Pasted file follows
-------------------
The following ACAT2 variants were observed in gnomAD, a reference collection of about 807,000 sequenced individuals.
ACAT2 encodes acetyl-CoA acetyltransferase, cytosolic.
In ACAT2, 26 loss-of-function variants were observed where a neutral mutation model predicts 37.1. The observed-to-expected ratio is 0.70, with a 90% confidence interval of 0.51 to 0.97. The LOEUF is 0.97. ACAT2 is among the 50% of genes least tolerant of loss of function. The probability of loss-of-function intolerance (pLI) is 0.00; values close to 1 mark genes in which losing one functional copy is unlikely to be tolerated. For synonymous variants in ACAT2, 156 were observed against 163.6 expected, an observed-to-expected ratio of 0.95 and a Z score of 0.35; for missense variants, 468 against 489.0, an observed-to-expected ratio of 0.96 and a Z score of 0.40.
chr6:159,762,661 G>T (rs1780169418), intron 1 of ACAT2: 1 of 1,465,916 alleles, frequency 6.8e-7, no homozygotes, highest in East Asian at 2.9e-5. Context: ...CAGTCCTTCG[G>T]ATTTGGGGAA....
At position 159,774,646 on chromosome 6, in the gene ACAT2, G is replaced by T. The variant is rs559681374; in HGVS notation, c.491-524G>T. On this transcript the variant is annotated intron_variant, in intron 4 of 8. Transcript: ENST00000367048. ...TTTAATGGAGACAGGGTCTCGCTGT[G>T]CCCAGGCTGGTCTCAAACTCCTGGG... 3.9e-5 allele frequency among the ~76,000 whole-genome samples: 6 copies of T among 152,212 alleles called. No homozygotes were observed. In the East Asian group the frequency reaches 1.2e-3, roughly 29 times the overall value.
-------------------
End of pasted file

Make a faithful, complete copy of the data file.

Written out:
The following ACAT2 variants were observed in gnomAD, a reference collection of about 807,000 sequenced individuals.
ACAT2 encodes acetyl-CoA acetyltransferase, cytosolic.
In ACAT2, 26 loss-of-function variants were observed where a neutral mutation model predicts 37.1. The observed-to-expected ratio is 0.70, with a 90% confidence interval of 0.51 to 0.97. The LOEUF is 0.97. ACAT2 is among the 50% of genes least tolerant of loss of function. The probability of loss-of-function intolerance (pLI) is 0.00; values close to 1 mark genes in which losing one functional copy is unlikely to be tolerated. For synonymous variants in ACAT2, 156 were observed against 163.6 expected, an observed-to-expected ratio of 0.95 and a Z score of 0.35; for missense variants, 468 against 489.0, an observed-to-expected ratio of 0.96 and a Z score of 0.40.
chr6:159,762,661 G>T (rs1780169418), intron 1 of ACAT2: 1 of 1,465,916 alleles, frequency 6.8e-7, no homozygotes, highest in East Asian at 2.9e-5. Context: ...CAGTCCTTCG[G>T]ATTTGGGGAA....
At position 159,774,646 on chromosome 6, in the gene ACAT2, G is replaced by T. The variant is rs559681374; in HGVS notation, c.491-524G>T. On this transcript the variant is annotated intron_variant, in intron 4 of 8. Transcript: ENST00000367048. ...TTTAATGGAGACAGGGTCTCGCTGT[G>T]CCCAGGCTGGTCTCAAACTCCTGGG... 3.9e-5 allele frequency among the ~76,000 whole-genome samples: 6 copies of T among 152,212 alleles called. No homozygotes were observed. In the East Asian group the frequency reaches 1.2e-3, roughly 29 times the overall value.